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Ancient Nomos Art is a museum of galleries exhibiting ancient coins and ancient mint maps. The coin gallery displays the diverse art and history of hand-crafted ancient Greek, Roman, Byzantine, Persian and Medieval coinage. The ancient mints mapping gallery features Greek, Roman, Byzantine, Asia Minor and Medieval mint city regions and territories. Visitor's are welcome to explore, study and enjoy Ancient Nomos Art.

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Greek, Amphipolis – 288 BC


From Ancient Galleries

Greek, Amphipolis – 288 BC

Obverse: Deified Alexander III facing right, wearing diadem and horn of Ammon.
Reverse: Athena Nikephoros seated left, arm on shield holding Nike in right hand.

Obv: Deified head of Alexander the Great facing right, wearing diadem and horn of Ammon. Rev: Athena Nikephoros seated left holding wreath bearing Nike on outstretched right arm, holding spear in left hand while resting left arm on shield emblazoned with lion’s head; Caduceus with handle in field to left; ΒΑΣΙΛΕΩΣ to right, ΛΥΣΙΜΑΧΟΥ to left; monogram in field to right.

Lysimachus of Thrace was one of Alexander the Great’s most trusted military generals. He was initially appointed by Alexander to oversee Thrace in the name of his infant son and brother. When they were both murdered, Cassander is said to have claimed kingship of Macedon. Lysimachus followed his example and claimed kinship in Thrace. Lysimachus, Ptolemy I, and Seleucus I then joined forces and won territorial gains after the battle of Ipsus in Phrygia, 301 BC, by defeating Antigonus, the “One-Eyed” and his son, Demetrius Poliorcetes. According to Plutarch, this team of surviving successors to Alexander divided Antigonus’ vast kingdom, each claiming his own dominion. Lysimachus, by virtue of his strong position, ruthless tactics and cleverness as ruler in Thrace, won most of Asia Minor. Lysimachus quickly established important mints across his lands and upon gaining power, was striking one the most beautiful of all Hellenistic coins. Unlike Ptolemy I and Seleucus I, Lysimachus chose not to put his own portrait on his coinage, but instead engraved a powerful deified image of Alexander the Great. This remarkably artistic portrait, with the distinctive upward gaze of Alexander III as he communes with the gods, depicts Alexander wearing the ram’s horn of the Greco-Egyptian god Ammon. The reverse image of Athena enthroned reverberated through the centuries in a series of similar coin designs, culminating in the image of Britannia found on modern British coins. Late in life, Lysimachus chanced one more bid for unchallenged rule of all of Alexander’s empire, and lost. In 281 BC, at the age of 81, he fell in battle against his onetime ally Seleucus I.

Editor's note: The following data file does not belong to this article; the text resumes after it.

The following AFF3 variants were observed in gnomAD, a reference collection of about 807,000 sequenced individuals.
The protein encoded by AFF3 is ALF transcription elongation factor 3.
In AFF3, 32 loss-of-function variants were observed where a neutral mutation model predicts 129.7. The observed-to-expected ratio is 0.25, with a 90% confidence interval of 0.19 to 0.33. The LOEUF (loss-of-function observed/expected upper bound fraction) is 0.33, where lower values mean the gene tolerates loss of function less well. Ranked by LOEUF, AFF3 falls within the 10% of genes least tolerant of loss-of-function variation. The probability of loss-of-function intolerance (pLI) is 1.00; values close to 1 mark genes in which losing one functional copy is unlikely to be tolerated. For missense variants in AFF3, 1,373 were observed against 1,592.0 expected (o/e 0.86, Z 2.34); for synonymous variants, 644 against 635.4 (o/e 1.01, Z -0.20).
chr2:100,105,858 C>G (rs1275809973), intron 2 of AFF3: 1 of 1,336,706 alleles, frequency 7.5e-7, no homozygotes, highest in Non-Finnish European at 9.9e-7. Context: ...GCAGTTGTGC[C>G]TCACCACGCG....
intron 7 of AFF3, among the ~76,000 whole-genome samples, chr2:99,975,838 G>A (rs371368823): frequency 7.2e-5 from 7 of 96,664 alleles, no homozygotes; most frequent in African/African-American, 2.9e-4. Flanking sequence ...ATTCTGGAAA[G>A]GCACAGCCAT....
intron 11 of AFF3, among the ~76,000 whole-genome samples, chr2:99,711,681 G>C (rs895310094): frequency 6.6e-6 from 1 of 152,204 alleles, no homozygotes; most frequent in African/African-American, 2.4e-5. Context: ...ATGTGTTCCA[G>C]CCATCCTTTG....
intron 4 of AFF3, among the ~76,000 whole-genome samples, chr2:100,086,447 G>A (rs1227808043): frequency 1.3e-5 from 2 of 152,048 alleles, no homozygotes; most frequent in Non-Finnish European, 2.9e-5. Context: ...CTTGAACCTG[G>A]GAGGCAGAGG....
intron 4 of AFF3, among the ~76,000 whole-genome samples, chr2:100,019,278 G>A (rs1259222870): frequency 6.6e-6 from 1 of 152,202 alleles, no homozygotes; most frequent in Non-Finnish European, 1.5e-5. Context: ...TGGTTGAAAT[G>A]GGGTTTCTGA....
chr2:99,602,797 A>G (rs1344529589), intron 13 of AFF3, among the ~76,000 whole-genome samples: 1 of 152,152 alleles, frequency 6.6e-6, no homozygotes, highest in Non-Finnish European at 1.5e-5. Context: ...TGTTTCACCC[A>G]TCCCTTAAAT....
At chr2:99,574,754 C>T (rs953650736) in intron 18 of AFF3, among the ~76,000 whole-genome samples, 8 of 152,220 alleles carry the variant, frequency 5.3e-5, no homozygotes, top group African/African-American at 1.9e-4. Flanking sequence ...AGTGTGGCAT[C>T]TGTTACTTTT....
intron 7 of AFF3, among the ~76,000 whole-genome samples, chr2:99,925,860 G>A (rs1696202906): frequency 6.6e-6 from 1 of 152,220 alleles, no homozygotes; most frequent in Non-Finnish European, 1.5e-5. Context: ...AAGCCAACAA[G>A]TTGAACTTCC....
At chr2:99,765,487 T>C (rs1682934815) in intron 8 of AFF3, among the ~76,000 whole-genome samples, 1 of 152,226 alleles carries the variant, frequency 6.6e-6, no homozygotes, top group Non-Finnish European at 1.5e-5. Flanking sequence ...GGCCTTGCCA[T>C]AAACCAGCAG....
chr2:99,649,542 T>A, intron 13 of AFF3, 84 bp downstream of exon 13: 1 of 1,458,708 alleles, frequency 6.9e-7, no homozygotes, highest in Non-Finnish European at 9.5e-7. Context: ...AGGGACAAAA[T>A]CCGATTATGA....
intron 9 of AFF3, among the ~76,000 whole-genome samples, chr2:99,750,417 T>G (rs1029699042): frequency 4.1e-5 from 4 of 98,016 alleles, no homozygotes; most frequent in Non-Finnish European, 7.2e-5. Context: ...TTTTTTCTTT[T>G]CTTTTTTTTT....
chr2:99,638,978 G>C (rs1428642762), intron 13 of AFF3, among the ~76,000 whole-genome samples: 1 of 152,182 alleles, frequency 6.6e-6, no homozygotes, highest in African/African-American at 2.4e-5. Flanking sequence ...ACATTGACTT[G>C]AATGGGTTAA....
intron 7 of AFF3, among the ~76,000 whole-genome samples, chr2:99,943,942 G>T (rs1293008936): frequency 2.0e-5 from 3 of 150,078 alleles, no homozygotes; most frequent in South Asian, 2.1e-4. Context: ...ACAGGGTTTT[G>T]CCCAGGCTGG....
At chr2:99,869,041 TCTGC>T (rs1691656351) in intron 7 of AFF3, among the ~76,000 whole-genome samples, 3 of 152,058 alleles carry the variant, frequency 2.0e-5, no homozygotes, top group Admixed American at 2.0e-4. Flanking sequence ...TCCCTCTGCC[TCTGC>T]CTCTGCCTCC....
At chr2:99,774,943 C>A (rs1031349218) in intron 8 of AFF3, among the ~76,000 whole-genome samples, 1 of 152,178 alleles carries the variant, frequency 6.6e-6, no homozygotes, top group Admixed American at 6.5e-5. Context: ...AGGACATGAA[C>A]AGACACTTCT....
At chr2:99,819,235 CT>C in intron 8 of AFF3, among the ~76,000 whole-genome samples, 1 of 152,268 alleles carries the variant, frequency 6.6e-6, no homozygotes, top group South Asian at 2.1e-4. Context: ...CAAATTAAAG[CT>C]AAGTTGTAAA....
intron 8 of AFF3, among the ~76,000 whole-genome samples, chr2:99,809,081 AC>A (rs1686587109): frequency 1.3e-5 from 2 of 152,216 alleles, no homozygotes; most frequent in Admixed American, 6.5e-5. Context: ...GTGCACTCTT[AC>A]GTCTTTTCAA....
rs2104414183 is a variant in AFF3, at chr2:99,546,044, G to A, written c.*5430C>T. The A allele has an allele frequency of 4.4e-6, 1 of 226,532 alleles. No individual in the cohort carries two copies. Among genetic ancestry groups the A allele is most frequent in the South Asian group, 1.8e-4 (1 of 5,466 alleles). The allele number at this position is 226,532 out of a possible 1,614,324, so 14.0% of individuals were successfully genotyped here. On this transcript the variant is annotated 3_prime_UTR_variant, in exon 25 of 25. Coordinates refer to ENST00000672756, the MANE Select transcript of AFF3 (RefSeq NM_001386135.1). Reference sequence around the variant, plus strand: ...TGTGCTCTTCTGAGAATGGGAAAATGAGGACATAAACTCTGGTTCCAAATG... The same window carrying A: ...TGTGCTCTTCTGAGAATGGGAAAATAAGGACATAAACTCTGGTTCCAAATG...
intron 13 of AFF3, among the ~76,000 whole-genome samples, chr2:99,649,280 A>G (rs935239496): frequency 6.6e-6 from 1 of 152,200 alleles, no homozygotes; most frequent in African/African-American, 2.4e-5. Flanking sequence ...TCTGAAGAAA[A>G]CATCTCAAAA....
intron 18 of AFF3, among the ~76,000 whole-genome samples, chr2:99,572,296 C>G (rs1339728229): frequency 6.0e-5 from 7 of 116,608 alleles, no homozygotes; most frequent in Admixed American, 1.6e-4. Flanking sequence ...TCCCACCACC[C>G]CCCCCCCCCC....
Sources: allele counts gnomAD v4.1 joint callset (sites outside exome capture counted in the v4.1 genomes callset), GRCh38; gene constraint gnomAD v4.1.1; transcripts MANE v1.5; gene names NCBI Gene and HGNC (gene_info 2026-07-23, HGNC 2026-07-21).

Value: Tetradrachm. Metal: AR Silver. Weight: 17.43 grams. Mint: Amphipolis. Date: 288-281 BC.
Attribution: ANS Museum Notes 31 (1986), Plates 23-24; Thompson 193; SNG Volume VIII, 351; Muller 106; NFA Zurich 1993, 345.

Legend, Documentation and Attribution